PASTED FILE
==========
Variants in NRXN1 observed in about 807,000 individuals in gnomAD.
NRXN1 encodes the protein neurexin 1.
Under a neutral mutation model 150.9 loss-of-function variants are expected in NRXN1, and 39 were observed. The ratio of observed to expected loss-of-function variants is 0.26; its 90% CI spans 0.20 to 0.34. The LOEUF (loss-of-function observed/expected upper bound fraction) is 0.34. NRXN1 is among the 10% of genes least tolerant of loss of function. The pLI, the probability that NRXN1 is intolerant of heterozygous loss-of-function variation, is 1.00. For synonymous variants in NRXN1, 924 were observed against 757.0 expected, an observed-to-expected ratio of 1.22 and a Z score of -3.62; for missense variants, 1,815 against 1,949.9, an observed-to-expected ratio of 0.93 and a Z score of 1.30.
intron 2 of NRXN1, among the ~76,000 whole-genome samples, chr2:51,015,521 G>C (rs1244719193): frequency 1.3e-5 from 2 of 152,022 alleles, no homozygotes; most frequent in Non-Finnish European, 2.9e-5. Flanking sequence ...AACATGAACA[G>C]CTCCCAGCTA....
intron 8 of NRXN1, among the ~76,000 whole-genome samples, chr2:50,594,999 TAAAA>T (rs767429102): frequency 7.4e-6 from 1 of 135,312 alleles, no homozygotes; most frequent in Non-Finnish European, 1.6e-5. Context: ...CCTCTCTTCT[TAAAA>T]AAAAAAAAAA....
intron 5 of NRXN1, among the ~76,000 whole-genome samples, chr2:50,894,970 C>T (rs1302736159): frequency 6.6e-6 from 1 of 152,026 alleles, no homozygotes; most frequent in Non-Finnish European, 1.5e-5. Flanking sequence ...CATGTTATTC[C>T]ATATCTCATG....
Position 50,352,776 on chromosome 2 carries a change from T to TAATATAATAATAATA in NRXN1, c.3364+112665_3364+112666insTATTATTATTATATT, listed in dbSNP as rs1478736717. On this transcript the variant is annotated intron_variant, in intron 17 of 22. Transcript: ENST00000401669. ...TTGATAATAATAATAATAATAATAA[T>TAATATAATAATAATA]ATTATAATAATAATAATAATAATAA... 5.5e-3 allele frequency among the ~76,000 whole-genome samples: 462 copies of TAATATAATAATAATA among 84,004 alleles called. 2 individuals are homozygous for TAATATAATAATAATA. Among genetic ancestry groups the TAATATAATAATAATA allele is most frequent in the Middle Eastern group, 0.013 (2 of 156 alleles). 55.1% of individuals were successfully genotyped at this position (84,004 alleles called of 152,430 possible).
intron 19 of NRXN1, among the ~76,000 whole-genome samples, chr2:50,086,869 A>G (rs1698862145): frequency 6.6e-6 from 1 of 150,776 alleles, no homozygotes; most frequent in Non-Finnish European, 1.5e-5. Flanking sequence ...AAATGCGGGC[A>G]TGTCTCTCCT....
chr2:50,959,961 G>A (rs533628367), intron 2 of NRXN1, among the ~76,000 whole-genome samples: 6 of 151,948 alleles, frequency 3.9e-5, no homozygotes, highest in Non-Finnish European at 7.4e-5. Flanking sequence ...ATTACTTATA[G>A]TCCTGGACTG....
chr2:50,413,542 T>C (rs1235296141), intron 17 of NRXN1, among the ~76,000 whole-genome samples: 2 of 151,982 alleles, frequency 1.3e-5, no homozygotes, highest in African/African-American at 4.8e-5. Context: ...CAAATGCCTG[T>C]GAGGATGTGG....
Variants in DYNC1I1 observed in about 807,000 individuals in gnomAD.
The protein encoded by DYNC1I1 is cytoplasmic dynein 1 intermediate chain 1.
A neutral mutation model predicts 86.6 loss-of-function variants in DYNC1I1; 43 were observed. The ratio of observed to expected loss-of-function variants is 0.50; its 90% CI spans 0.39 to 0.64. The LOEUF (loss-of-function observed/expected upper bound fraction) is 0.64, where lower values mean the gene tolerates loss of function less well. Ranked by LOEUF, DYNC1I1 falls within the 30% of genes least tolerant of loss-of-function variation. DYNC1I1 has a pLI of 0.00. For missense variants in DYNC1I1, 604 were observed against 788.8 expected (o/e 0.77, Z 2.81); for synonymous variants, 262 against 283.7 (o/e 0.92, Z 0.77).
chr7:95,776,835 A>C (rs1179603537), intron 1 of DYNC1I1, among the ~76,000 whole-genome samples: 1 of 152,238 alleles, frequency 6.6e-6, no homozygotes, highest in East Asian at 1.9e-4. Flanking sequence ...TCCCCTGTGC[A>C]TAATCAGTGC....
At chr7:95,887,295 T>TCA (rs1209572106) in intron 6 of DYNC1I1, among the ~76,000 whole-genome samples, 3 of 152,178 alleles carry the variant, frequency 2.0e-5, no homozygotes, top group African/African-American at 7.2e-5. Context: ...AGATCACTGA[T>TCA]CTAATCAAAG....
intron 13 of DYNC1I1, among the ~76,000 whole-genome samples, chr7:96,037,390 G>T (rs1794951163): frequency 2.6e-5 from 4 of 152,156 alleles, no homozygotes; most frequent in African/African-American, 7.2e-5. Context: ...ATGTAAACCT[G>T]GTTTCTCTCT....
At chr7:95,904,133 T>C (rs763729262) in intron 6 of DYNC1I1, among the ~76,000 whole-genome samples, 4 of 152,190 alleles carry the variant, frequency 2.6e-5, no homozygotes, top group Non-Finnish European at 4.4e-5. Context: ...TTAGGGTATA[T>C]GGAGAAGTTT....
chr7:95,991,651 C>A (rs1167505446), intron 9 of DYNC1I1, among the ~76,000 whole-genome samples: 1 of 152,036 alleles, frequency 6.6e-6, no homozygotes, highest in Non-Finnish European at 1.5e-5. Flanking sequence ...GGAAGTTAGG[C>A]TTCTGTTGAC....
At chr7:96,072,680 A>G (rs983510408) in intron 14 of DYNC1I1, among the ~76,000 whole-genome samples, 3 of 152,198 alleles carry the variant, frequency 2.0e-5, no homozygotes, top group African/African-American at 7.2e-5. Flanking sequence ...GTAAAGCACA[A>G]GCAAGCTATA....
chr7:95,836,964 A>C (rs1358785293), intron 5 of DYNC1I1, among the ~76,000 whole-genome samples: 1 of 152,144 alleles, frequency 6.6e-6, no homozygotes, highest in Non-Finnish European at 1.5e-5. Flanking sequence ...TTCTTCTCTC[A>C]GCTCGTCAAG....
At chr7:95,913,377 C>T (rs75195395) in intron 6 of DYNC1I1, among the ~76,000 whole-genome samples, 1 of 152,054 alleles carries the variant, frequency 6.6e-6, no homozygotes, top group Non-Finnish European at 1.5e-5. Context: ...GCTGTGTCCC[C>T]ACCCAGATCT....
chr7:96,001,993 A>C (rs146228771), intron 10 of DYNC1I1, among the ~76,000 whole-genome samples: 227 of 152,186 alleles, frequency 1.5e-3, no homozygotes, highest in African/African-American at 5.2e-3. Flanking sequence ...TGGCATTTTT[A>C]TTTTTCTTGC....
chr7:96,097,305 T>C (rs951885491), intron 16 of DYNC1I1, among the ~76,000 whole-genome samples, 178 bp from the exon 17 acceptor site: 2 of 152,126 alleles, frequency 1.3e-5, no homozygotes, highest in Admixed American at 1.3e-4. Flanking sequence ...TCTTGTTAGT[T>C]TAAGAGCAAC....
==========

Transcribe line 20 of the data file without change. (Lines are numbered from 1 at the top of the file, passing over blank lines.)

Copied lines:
chr7:95,836,964 A>C (rs1358785293), intron 5 of DYNC1I1, among the ~76,000 whole-genome samples: 1 of 152,144 alleles, frequency 6.6e-6, no homozygotes, highest in Non-Finnish European at 1.5e-5. Flanking sequence ...TTCTTCTCTC[A>C]GCTCGTCAAG....